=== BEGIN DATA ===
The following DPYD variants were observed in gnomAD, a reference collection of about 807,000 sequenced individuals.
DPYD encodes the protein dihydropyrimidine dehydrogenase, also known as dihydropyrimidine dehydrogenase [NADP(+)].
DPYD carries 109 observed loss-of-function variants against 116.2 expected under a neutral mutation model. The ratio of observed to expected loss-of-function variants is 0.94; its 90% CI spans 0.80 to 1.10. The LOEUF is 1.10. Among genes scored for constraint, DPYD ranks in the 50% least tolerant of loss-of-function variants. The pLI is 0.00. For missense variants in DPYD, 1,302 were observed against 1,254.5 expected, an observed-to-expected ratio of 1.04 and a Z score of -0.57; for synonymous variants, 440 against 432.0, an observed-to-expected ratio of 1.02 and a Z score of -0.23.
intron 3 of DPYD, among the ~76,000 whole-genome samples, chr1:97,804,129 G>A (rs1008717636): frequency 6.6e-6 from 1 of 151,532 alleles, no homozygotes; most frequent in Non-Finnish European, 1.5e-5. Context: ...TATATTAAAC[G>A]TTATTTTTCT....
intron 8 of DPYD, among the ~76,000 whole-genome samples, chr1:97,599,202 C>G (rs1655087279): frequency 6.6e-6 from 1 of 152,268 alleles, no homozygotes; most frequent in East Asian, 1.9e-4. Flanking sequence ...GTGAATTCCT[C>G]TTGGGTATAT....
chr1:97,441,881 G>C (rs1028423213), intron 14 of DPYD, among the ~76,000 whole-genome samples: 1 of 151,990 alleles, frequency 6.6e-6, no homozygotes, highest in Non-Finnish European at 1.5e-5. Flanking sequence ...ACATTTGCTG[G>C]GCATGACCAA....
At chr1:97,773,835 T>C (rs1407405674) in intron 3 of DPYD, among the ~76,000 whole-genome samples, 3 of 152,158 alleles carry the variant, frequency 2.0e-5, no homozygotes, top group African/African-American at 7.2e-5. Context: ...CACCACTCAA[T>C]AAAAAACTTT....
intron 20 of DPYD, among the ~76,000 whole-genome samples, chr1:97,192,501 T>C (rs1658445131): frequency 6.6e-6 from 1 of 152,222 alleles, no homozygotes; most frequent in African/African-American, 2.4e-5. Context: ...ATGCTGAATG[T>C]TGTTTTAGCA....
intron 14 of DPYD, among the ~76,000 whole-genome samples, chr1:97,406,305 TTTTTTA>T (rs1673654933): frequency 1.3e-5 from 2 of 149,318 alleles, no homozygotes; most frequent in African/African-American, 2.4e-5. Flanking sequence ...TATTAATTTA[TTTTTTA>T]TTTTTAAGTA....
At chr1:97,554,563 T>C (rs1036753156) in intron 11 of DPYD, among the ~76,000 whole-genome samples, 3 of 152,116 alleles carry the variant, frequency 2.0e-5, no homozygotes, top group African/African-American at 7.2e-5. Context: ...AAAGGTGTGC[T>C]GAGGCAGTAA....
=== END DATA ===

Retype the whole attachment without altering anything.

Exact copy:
The following DPYD variants were observed in gnomAD, a reference collection of about 807,000 sequenced individuals.
DPYD encodes the protein dihydropyrimidine dehydrogenase, also known as dihydropyrimidine dehydrogenase [NADP(+)].
DPYD carries 109 observed loss-of-function variants against 116.2 expected under a neutral mutation model. The ratio of observed to expected loss-of-function variants is 0.94; its 90% CI spans 0.80 to 1.10. The LOEUF is 1.10. Among genes scored for constraint, DPYD ranks in the 50% least tolerant of loss-of-function variants. The pLI is 0.00. For missense variants in DPYD, 1,302 were observed against 1,254.5 expected, an observed-to-expected ratio of 1.04 and a Z score of -0.57; for synonymous variants, 440 against 432.0, an observed-to-expected ratio of 1.02 and a Z score of -0.23.
intron 3 of DPYD, among the ~76,000 whole-genome samples, chr1:97,804,129 G>A (rs1008717636): frequency 6.6e-6 from 1 of 151,532 alleles, no homozygotes; most frequent in Non-Finnish European, 1.5e-5. Context: ...TATATTAAAC[G>A]TTATTTTTCT....
intron 8 of DPYD, among the ~76,000 whole-genome samples, chr1:97,599,202 C>G (rs1655087279): frequency 6.6e-6 from 1 of 152,268 alleles, no homozygotes; most frequent in East Asian, 1.9e-4. Flanking sequence ...GTGAATTCCT[C>G]TTGGGTATAT....
chr1:97,441,881 G>C (rs1028423213), intron 14 of DPYD, among the ~76,000 whole-genome samples: 1 of 151,990 alleles, frequency 6.6e-6, no homozygotes, highest in Non-Finnish European at 1.5e-5. Flanking sequence ...ACATTTGCTG[G>C]GCATGACCAA....
At chr1:97,773,835 T>C (rs1407405674) in intron 3 of DPYD, among the ~76,000 whole-genome samples, 3 of 152,158 alleles carry the variant, frequency 2.0e-5, no homozygotes, top group African/African-American at 7.2e-5. Context: ...CACCACTCAA[T>C]AAAAAACTTT....
intron 20 of DPYD, among the ~76,000 whole-genome samples, chr1:97,192,501 T>C (rs1658445131): frequency 6.6e-6 from 1 of 152,222 alleles, no homozygotes; most frequent in African/African-American, 2.4e-5. Context: ...ATGCTGAATG[T>C]TGTTTTAGCA....
intron 14 of DPYD, among the ~76,000 whole-genome samples, chr1:97,406,305 TTTTTTA>T (rs1673654933): frequency 1.3e-5 from 2 of 149,318 alleles, no homozygotes; most frequent in African/African-American, 2.4e-5. Flanking sequence ...TATTAATTTA[TTTTTTA>T]TTTTTAAGTA....
At chr1:97,554,563 T>C (rs1036753156) in intron 11 of DPYD, among the ~76,000 whole-genome samples, 3 of 152,116 alleles carry the variant, frequency 2.0e-5, no homozygotes, top group African/African-American at 7.2e-5. Context: ...AAAGGTGTGC[T>C]GAGGCAGTAA....